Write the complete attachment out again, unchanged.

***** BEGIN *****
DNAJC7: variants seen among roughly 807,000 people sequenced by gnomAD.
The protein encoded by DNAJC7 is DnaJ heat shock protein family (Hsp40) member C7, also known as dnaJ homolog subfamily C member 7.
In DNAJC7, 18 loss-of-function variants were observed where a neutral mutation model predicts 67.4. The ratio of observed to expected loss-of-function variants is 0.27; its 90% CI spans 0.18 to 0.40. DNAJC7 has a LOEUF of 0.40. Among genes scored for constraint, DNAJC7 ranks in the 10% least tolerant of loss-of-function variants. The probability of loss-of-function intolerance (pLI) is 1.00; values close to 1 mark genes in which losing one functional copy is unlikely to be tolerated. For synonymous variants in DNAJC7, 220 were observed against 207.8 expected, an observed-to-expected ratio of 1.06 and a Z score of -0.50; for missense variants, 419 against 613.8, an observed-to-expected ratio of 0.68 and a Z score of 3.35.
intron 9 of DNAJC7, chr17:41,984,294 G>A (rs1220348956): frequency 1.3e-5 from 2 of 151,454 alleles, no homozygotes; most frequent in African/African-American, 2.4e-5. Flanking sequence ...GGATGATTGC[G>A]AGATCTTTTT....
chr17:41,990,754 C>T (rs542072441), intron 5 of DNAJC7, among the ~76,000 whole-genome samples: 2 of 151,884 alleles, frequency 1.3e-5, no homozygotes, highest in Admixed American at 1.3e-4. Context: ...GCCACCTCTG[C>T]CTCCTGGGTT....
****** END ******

DNAJC7: variants seen among roughly 807,000 people sequenced by gnomAD.
The protein encoded by DNAJC7 is DnaJ heat shock protein family (Hsp40) member C7, also known as dnaJ homolog subfamily C member 7.
In DNAJC7, 18 loss-of-function variants were observed where a neutral mutation model predicts 67.4. The ratio of observed to expected loss-of-function variants is 0.27; its 90% CI spans 0.18 to 0.40. DNAJC7 has a LOEUF of 0.40. Among genes scored for constraint, DNAJC7 ranks in the 10% least tolerant of loss-of-function variants. The probability of loss-of-function intolerance (pLI) is 1.00; values close to 1 mark genes in which losing one functional copy is unlikely to be tolerated. For synonymous variants in DNAJC7, 220 were observed against 207.8 expected, an observed-to-expected ratio of 1.06 and a Z score of -0.50; for missense variants, 419 against 613.8, an observed-to-expected ratio of 0.68 and a Z score of 3.35.
intron 9 of DNAJC7, chr17:41,984,294 G>A (rs1220348956): frequency 1.3e-5 from 2 of 151,454 alleles, no homozygotes; most frequent in African/African-American, 2.4e-5. Flanking sequence ...GGATGATTGC[G>A]AGATCTTTTT....
chr17:41,990,754 C>T (rs542072441), intron 5 of DNAJC7, among the ~76,000 whole-genome samples: 2 of 151,884 alleles, frequency 1.3e-5, no homozygotes, highest in Admixed American at 1.3e-4. Context: ...GCCACCTCTG[C>T]CTCCTGGGTT....